Let’s first make a change in the repo. You can edit the file directly in either GitHub or Azure DevOps. In GitHub, naviate to the repo, and click on the file name you just created. Click the edit icon as shown in the following illustration.
Edit the text of the file to
print('repo'), then commit the change using Commit changes at the bottom of the page.
Next, make a change locally. The following script makes a change to the
newpythonfile.py file so you can see the change is local.
You now have differences in the file in the repo and what is local.
- In local machine, you have commited
- In the repo, you have commited
git pull to get your changes from the repo as shown in the following code.
You will see the notice:
CONFLICT (content): Merge conflict in newpythonfile.py as shown in the following illustration.
This often happens when someone makes a change or when you are merging branches.
Other changes will have been made in the same file. Git tries to merge the files automatically. But in this case, changes have been made that it cannot resolve, because they are on the same line.
Merge with collaboration
So there are now conflicts that you will need to resolve conflicts before you can commit your changes.
git status to see the issue.
cat newpythongfile.py to see what Git has done to the local oopy of the file. In the following illustration, you can see Git has added markers that show the changes.
You can edit the text of the file, ave and proceed. But you want want to compare the changes using Visual Studio Code to view the file and make decisions about what to include.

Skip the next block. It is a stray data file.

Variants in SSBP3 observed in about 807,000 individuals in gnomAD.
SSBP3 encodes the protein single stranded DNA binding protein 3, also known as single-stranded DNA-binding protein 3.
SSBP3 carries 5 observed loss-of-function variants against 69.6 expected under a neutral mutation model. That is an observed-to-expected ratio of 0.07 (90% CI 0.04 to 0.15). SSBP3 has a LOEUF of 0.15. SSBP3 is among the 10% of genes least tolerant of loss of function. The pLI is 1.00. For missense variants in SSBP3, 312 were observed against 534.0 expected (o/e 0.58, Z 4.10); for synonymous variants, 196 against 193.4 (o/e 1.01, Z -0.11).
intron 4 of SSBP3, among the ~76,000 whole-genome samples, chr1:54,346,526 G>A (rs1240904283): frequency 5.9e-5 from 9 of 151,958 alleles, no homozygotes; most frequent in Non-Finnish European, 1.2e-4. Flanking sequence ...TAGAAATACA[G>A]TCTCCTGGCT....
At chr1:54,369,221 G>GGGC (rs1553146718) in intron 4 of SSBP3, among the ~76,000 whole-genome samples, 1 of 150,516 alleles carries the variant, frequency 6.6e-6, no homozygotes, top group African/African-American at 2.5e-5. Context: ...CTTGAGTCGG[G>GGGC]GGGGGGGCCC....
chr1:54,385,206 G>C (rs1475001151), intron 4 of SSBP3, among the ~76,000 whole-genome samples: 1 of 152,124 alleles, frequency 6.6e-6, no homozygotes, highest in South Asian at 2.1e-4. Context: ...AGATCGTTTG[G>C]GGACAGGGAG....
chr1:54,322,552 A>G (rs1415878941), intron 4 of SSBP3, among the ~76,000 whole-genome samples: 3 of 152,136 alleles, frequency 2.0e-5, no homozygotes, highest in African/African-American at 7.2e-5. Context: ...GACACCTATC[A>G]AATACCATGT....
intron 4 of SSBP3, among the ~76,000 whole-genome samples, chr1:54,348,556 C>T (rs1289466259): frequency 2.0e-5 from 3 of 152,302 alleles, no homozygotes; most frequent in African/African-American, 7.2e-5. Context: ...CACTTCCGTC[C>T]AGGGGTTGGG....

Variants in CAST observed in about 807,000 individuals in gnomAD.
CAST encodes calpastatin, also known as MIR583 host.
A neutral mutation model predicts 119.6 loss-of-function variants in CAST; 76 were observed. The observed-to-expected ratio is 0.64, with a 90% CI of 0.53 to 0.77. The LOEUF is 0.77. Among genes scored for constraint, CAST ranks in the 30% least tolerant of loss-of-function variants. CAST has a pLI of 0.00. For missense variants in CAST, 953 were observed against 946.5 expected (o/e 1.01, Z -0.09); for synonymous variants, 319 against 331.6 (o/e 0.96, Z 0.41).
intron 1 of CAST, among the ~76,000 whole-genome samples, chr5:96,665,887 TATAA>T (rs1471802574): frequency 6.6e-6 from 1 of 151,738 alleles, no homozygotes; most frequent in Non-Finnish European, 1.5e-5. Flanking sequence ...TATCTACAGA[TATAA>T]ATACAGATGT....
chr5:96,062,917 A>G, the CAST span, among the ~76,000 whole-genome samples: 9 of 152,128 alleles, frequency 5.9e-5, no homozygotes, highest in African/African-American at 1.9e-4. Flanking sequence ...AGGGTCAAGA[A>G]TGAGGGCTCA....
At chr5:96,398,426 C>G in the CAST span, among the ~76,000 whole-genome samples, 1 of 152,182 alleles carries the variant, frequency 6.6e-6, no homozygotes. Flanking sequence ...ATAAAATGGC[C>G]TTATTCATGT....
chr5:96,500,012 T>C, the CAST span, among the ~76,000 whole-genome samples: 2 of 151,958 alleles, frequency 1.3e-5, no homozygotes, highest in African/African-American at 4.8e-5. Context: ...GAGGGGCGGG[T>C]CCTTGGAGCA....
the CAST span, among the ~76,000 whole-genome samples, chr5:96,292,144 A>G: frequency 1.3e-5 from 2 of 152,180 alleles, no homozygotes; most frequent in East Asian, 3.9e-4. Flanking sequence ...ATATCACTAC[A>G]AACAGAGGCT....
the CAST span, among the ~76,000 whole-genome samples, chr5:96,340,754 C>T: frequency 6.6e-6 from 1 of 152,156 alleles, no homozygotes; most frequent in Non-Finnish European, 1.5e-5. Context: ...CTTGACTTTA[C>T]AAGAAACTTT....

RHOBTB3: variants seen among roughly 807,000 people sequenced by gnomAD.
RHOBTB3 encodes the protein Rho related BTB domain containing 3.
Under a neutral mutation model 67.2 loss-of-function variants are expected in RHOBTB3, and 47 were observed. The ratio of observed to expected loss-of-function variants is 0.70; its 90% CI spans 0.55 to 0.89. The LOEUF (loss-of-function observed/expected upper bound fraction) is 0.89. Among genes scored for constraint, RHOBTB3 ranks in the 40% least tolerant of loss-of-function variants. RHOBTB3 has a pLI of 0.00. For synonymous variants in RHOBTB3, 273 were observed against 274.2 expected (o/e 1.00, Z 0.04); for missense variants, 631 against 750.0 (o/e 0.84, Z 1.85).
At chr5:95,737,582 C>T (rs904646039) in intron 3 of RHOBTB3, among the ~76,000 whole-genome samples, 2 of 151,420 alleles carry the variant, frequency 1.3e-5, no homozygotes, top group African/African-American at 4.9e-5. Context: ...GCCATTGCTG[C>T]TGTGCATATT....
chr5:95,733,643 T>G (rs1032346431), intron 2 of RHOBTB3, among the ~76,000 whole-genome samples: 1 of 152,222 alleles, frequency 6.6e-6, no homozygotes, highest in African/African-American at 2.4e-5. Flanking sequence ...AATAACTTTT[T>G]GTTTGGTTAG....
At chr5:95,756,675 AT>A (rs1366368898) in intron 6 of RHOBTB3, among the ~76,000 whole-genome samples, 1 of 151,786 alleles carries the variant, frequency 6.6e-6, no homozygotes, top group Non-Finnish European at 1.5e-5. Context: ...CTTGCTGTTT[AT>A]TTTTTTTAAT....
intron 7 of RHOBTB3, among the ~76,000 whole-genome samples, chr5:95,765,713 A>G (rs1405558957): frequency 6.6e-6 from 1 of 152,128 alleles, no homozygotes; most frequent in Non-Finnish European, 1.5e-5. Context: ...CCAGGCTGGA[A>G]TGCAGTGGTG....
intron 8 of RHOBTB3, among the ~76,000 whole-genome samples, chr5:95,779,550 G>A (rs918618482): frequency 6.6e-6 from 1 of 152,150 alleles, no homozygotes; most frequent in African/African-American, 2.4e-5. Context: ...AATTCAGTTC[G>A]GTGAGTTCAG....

Resolve the conflict in Visual Studio Code
Open the file in Visual Studio Code using
code newpythonfile.py. You should see the conflict as shown in the following illustration.
If you do not have the toolbar, click File | Preferences | Settings, then search for
codelens. The following illustration shows the setting for codelens.
To see side by side comparison of the changes, click Compare Changes in the toolbar. The following illustration shows the changes side by side.
When you have multiple changes, use the arrow button in the upper right to walk through your changes.
Click Accept Both Changes and save the file.
Next, click the Source Control icon in the left toolbar. Right-click the changes and click Accept Changes. You are now ready to add the changes to git and check in.
Complete the checkin
Next, add the files and commit as shown in the following script.
Push the changes using the following code.
Now you can view the changes in your repository.
Git merge summary
In this walkthrough, you set up a new repository, made changes to the repository where so changes conflict with those on your local machine, merged the changes, and pushed the changes to the repository.
- Visual Studio Code how to resolve merge conflicts with git?
- Been, Henry. Implementing Azure DevOps Solutions: Learn about Azure DevOps Services to successfully apply DevOps strategies. Packt Publishing.
- To use Visual Studio 2019 or later, see Resolve merge conflicts